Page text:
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Bernstein, A.E. Blacher, R.S. (1967). The Recovery of a Memory from Three Months of Age. Psychoanal. St. Child, 22:156-161.

(1967). Psychoanalytic Study of the Child, 22:156-161

The Recovery of a Memory from Three Months of Age

Anne E.H. Bernstein, M.D. and Richard S. Blacher, M.D.

The very young infant is generally considered to live in a rather amorphous undifferentiated state. Perceptions, sensations, and experiences are fleeting and not integrated; for this reason most authors assume that discrete memories from the earliest months are not recoverable as such but rather emerge as sensations of a more general type (Anthony, 1961); (Isakower, 1938); (Lewin, 1953).

Kris (1956) has pointed out that childhood experiences become layered with experiences and fantasies of later developmental periods and therefore are often not retrievable. If memories from an even earlier time, from the preverbal state, are registered, they would be even more difficult to recover. Indeed, most analysts would doubt their existence. Thus, in the case of the Wolf Man, Freud (1918), in dating the time of the traumatic primal scene to one and a half years, dismisses the possibility of the episode having occurred at six months as "scarcely tenable."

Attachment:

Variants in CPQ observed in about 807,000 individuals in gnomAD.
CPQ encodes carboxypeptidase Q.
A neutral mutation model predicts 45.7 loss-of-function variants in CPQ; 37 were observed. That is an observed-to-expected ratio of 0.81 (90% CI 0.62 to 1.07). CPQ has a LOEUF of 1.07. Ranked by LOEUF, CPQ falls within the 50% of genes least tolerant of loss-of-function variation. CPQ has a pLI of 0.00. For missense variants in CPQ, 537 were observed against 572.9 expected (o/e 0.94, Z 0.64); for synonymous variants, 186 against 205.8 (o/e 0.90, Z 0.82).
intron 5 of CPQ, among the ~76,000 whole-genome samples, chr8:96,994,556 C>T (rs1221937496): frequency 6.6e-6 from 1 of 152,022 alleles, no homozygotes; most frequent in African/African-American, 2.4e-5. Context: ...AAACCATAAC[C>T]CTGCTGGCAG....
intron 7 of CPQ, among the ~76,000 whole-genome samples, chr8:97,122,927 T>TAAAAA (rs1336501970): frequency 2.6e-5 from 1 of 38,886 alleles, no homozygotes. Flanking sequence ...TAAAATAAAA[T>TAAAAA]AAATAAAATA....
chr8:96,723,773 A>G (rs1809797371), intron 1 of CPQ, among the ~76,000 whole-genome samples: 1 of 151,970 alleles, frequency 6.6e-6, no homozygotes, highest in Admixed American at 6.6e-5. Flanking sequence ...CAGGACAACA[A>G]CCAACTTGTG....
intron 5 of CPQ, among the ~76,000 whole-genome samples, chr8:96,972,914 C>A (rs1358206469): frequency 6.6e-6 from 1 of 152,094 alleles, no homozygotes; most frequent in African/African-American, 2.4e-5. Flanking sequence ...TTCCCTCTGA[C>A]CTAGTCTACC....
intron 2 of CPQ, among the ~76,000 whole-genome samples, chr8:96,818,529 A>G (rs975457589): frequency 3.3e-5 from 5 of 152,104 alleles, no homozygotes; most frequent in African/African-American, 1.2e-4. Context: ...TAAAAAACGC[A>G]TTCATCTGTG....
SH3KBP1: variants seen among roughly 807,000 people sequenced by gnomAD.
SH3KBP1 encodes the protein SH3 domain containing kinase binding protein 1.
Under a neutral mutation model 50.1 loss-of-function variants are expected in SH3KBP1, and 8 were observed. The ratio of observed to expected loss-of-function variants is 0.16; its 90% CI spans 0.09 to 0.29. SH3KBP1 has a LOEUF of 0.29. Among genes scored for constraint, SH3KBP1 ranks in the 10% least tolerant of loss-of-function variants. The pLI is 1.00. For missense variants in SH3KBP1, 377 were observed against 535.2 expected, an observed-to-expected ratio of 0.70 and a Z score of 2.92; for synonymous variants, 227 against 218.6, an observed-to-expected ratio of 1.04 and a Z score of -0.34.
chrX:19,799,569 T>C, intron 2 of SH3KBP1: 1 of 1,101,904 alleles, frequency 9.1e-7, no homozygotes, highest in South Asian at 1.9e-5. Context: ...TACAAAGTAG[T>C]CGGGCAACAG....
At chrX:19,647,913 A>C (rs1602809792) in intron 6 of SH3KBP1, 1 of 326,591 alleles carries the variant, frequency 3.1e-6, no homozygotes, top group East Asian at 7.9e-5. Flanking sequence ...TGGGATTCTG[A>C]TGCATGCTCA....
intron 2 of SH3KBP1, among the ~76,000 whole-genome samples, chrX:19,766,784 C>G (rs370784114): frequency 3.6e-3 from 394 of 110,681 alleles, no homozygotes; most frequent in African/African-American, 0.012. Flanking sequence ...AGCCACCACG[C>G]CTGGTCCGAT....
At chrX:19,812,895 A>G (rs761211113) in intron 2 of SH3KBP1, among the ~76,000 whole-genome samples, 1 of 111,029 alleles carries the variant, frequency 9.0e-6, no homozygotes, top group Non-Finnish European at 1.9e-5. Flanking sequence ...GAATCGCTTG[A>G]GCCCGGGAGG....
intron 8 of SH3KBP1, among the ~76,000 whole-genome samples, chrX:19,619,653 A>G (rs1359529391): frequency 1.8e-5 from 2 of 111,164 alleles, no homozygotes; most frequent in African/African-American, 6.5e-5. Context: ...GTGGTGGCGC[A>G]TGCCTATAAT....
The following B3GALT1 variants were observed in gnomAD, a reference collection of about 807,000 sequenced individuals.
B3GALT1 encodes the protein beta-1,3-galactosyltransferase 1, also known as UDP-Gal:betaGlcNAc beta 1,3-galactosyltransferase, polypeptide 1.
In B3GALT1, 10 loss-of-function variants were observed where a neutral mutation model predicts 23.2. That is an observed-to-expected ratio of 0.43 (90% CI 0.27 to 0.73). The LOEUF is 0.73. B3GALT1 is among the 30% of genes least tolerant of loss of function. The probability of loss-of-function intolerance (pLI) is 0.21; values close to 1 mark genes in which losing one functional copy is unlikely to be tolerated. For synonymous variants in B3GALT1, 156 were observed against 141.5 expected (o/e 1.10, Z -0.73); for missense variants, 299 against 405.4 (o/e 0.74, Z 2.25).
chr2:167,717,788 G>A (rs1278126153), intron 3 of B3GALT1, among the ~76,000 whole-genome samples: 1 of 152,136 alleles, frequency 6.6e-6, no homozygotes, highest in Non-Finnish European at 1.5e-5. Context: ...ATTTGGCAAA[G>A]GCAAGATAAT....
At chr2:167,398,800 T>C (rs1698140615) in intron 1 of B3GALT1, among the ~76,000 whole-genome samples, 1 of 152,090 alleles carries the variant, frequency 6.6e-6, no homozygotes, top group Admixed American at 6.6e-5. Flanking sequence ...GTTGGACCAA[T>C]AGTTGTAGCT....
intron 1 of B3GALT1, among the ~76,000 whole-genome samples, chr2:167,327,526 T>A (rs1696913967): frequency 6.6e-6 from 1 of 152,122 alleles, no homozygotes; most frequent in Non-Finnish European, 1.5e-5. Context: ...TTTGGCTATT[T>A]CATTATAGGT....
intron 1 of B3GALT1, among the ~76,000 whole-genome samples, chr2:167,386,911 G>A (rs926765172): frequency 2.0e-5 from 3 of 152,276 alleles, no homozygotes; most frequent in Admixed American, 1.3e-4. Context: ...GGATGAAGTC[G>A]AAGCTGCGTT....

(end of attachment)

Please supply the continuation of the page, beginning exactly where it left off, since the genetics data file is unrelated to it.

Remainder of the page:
The following case report would seem to raise questions concerning the accuracy of some commonly held views on mentation in early infancy, especially on the laying down of precise and integrated memory traces. It is a report of a mother's observation of a two-year-old child's recollection of a traumatic episode that had occurred when the infant was three months of age.

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